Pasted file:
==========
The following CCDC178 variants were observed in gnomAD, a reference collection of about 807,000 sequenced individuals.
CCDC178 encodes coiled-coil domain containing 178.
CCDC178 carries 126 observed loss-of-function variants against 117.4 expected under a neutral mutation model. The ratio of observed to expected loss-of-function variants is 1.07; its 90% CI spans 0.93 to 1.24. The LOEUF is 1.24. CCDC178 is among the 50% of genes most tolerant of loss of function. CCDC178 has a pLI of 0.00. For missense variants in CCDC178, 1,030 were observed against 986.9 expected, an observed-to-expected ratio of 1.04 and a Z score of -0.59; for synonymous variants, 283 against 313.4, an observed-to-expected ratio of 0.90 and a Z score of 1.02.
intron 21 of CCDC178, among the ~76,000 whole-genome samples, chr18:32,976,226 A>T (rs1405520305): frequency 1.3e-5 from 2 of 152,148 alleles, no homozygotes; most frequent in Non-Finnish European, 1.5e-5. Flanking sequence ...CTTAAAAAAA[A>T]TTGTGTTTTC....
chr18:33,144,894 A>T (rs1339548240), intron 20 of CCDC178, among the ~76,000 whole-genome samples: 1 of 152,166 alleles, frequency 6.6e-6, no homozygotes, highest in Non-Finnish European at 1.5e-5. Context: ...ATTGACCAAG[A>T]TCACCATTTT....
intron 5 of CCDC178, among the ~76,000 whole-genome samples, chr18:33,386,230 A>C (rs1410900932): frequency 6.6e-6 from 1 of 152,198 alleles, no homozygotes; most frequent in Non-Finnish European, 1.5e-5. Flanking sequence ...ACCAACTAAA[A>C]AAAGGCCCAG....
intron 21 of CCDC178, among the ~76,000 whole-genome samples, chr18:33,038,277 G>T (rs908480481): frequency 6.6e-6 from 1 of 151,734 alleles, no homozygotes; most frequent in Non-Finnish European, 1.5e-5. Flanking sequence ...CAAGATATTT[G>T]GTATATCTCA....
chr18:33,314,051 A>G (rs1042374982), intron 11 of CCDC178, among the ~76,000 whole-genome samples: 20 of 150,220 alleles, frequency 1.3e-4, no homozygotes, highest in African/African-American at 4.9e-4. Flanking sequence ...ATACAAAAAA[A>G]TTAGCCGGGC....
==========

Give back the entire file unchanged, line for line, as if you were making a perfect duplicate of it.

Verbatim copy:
The following CCDC178 variants were observed in gnomAD, a reference collection of about 807,000 sequenced individuals.
CCDC178 encodes coiled-coil domain containing 178.
CCDC178 carries 126 observed loss-of-function variants against 117.4 expected under a neutral mutation model. The ratio of observed to expected loss-of-function variants is 1.07; its 90% CI spans 0.93 to 1.24. The LOEUF is 1.24. CCDC178 is among the 50% of genes most tolerant of loss of function. CCDC178 has a pLI of 0.00. For missense variants in CCDC178, 1,030 were observed against 986.9 expected, an observed-to-expected ratio of 1.04 and a Z score of -0.59; for synonymous variants, 283 against 313.4, an observed-to-expected ratio of 0.90 and a Z score of 1.02.
intron 21 of CCDC178, among the ~76,000 whole-genome samples, chr18:32,976,226 A>T (rs1405520305): frequency 1.3e-5 from 2 of 152,148 alleles, no homozygotes; most frequent in Non-Finnish European, 1.5e-5. Flanking sequence ...CTTAAAAAAA[A>T]TTGTGTTTTC....
chr18:33,144,894 A>T (rs1339548240), intron 20 of CCDC178, among the ~76,000 whole-genome samples: 1 of 152,166 alleles, frequency 6.6e-6, no homozygotes, highest in Non-Finnish European at 1.5e-5. Context: ...ATTGACCAAG[A>T]TCACCATTTT....
intron 5 of CCDC178, among the ~76,000 whole-genome samples, chr18:33,386,230 A>C (rs1410900932): frequency 6.6e-6 from 1 of 152,198 alleles, no homozygotes; most frequent in Non-Finnish European, 1.5e-5. Flanking sequence ...ACCAACTAAA[A>C]AAAGGCCCAG....
intron 21 of CCDC178, among the ~76,000 whole-genome samples, chr18:33,038,277 G>T (rs908480481): frequency 6.6e-6 from 1 of 151,734 alleles, no homozygotes; most frequent in Non-Finnish European, 1.5e-5. Flanking sequence ...CAAGATATTT[G>T]GTATATCTCA....
chr18:33,314,051 A>G (rs1042374982), intron 11 of CCDC178, among the ~76,000 whole-genome samples: 20 of 150,220 alleles, frequency 1.3e-4, no homozygotes, highest in African/African-American at 4.9e-4. Flanking sequence ...ATACAAAAAA[A>G]TTAGCCGGGC....